A couple young village slackers are being lectured to by a religious elder when in mid sentence the old fellow keels over and dies. Not long afterwards the same thing occurs with another elder. Their bodies are laid out but mysteriously disappear and the village goes into frantic mode – among them a couple good looking girls, the slackers wannabe musicians (played I think by some pop stars), a hard of hearing gentleman and a clearly gay fellow where the old term limp wrist is very literal and who runs in circles when he is scared. It is that kind of movie. Sure enough the old men become Zombies as do many of the other village people and the ones who are still alive board themselves up in a small meeting hall and try to fend them off. The Zombies are decked out in badly painted white faces and one fellow screams out Alice Cooper when he first spots one. The Zombies form a union of fellowship and promise not to smoke because it is bad for the health but that eating human brains is not. There is a DVD out there but as far as I can tell it has no English subtitles; I was able to watch a screener.
Now that could not be said for a remake of The Lady Vanishes that I came across while looking for the original at the Brooklyn Library. This version was made in 1979 by Hammer Studios and stars Elliot Gould, Cybill Shepherd, Angela Lansbury and Herbert Lom. That’s a pretty good cast for a film that I bet not many people knew existed – but for good reason. Talk about taking a classic movie and making all the wrong choices from Elliot basically doing his usual deadpan shtick to Cybill screeching from beginning to end and the very inept Nazis. Most of the plot points stay the same but it is simply awful. The only good thing to perhaps come out of it is that the producers of the TV series Moonlighting saw it and were wowed by Cybill and her braless dress and thought she would be perfect for her role in that! Just a by the way since this Blog has a literary hint to it - The 39 Steps was also based on a novel of the same title by John Buchan and his chracter Richard Hannay was in a series of five adventures by Buchan that are quite out of date now but still fun to read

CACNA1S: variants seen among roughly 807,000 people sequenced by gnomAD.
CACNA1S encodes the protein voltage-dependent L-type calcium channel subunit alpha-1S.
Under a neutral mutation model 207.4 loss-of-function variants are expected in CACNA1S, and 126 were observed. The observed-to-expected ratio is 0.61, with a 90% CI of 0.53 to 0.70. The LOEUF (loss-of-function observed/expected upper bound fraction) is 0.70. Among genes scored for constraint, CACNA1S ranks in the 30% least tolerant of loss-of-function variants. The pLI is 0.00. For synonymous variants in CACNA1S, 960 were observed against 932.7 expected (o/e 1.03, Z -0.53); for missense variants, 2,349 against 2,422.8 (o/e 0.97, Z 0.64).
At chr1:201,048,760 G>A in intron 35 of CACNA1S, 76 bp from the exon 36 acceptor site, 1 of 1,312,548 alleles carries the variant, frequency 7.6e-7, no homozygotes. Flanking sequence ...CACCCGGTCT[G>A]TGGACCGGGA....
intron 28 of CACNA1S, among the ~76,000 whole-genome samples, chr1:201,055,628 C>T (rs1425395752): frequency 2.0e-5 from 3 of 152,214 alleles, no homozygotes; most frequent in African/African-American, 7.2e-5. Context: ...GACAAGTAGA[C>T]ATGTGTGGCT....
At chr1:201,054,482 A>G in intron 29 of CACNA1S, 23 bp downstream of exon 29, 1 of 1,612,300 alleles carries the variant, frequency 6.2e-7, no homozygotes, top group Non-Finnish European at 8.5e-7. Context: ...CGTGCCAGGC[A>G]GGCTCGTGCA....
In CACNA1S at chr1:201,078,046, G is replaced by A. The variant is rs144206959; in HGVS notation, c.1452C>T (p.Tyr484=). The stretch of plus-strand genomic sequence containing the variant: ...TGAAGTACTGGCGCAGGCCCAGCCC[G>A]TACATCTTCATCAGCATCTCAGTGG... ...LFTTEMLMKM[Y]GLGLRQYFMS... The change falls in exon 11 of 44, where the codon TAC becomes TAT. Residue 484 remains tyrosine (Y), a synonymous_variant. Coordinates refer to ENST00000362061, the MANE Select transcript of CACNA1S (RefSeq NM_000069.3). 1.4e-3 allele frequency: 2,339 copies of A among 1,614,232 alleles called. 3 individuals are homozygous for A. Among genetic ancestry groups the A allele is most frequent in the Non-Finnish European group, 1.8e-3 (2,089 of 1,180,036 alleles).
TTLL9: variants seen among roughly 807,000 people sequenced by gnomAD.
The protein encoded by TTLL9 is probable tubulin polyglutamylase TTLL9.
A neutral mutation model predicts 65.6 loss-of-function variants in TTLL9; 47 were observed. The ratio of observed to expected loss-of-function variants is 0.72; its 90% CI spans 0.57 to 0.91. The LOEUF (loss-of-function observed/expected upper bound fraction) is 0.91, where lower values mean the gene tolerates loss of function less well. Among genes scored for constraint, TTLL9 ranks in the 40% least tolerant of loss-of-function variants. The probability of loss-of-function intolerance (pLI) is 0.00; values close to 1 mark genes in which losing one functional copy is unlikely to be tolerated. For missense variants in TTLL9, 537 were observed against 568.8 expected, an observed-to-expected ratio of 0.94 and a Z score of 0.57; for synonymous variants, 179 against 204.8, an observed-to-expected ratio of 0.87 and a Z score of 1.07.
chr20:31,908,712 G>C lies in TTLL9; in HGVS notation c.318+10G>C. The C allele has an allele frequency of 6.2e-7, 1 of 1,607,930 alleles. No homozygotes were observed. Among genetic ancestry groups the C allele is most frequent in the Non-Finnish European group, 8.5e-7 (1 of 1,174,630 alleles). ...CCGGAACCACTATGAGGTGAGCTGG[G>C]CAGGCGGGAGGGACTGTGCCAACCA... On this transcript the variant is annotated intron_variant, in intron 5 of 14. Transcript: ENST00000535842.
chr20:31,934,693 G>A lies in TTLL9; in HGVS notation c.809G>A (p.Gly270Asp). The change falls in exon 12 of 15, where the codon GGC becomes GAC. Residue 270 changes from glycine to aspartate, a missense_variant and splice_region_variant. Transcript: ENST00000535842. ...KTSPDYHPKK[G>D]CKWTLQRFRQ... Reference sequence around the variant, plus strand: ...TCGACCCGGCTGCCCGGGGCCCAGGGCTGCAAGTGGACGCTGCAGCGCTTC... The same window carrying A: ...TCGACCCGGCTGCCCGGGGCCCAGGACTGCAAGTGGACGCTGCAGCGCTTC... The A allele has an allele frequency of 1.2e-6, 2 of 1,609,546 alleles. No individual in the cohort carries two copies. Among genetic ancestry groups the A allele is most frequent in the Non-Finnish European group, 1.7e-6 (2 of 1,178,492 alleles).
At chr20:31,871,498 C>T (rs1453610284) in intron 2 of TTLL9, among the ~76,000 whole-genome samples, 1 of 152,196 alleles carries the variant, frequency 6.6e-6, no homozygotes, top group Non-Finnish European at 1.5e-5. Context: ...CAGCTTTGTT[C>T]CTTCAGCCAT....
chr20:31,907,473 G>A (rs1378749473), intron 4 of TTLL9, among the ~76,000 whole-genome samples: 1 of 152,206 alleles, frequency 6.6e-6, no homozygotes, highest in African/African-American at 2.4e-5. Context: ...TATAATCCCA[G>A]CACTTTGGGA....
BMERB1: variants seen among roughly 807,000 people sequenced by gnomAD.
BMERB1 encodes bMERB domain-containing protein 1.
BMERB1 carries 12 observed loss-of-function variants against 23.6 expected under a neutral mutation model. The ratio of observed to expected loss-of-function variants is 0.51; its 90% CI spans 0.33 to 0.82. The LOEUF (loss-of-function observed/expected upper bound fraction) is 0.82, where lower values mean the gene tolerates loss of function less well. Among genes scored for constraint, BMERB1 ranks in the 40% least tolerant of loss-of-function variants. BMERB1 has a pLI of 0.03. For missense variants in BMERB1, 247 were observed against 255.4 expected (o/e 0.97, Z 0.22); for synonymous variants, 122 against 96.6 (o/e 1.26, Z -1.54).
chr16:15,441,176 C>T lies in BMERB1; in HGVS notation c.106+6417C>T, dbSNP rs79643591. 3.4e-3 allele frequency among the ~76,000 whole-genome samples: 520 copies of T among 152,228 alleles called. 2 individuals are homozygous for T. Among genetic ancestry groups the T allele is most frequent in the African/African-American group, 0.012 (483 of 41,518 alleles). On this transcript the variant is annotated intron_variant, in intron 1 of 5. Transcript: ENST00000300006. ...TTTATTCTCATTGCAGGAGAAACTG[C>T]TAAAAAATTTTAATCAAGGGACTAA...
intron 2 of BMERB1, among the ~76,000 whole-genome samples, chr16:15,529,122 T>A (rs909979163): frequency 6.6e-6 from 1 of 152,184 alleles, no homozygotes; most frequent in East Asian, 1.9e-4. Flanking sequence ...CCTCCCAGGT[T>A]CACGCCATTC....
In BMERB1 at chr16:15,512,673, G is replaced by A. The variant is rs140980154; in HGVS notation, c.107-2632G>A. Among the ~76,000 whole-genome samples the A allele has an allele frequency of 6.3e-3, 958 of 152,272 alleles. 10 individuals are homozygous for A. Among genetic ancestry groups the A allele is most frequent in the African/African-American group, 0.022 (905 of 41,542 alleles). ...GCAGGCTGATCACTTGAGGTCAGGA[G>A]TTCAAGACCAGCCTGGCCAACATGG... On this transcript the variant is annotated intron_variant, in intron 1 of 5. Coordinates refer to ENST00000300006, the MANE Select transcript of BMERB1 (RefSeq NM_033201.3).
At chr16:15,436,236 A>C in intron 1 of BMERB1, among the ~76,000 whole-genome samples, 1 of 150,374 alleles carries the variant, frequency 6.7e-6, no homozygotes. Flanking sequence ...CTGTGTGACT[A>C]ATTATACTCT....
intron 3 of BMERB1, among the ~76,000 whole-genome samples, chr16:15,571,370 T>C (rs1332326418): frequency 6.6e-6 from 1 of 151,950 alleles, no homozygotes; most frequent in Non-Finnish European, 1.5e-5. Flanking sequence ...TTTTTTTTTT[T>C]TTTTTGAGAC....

Sorry for having nothing much to say about Asian film this go-around but hopefully I can get back to the pictures and a film or two very soon – have Pinky and Aaron on deck.